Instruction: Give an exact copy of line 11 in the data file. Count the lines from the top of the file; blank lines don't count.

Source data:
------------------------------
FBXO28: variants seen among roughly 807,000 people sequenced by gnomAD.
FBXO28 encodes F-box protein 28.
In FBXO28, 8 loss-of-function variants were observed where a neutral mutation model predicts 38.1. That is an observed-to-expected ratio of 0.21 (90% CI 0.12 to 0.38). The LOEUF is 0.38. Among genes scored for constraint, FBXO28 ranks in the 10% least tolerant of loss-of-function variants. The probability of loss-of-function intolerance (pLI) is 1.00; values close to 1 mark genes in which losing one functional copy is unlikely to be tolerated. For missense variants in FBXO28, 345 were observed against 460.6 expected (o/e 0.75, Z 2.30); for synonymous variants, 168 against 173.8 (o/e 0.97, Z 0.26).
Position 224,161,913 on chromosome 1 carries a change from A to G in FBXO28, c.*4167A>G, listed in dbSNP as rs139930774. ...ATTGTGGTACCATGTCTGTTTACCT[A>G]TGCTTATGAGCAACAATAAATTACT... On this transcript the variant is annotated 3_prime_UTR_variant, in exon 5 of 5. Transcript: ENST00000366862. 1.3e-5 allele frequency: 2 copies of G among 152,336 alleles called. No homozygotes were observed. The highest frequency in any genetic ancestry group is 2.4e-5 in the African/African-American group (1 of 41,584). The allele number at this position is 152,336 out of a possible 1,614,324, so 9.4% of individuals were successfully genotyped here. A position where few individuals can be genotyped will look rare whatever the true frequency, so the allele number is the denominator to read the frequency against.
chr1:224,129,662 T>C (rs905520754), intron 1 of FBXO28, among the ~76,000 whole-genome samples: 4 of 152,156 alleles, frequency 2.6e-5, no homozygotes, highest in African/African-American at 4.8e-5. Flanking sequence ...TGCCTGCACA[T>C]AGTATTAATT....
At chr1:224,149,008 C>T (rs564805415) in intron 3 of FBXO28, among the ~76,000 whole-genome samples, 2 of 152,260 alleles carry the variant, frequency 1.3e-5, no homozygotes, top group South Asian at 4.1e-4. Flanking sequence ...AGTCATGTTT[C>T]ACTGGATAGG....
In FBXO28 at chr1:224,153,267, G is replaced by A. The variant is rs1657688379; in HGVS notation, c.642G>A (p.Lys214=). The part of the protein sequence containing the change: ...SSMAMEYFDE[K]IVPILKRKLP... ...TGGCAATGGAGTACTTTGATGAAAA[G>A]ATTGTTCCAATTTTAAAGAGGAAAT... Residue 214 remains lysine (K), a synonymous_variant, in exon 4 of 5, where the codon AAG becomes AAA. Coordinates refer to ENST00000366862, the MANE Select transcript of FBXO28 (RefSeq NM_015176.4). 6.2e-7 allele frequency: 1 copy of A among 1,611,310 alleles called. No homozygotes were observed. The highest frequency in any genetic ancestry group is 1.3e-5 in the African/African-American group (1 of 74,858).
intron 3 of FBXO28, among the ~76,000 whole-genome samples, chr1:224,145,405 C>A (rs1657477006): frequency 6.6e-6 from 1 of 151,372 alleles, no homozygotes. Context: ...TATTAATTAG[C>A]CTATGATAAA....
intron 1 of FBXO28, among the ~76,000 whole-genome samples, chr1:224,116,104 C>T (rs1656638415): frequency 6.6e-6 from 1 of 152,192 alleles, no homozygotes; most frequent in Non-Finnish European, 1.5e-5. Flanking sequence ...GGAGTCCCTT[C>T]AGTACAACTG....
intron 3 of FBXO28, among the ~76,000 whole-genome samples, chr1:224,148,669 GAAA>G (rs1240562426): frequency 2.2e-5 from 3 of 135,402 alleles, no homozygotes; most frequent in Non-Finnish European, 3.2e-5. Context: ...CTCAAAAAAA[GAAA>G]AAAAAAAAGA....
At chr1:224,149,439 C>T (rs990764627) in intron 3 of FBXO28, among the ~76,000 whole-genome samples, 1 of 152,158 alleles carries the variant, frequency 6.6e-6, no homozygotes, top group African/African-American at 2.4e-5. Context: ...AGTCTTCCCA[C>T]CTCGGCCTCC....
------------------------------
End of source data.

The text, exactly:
At chr1:224,149,439 C>T (rs990764627) in intron 3 of FBXO28, among the ~76,000 whole-genome samples, 1 of 152,158 alleles carries the variant, frequency 6.6e-6, no homozygotes, top group African/African-American at 2.4e-5. Context: ...AGTCTTCCCA[C>T]CTCGGCCTCC....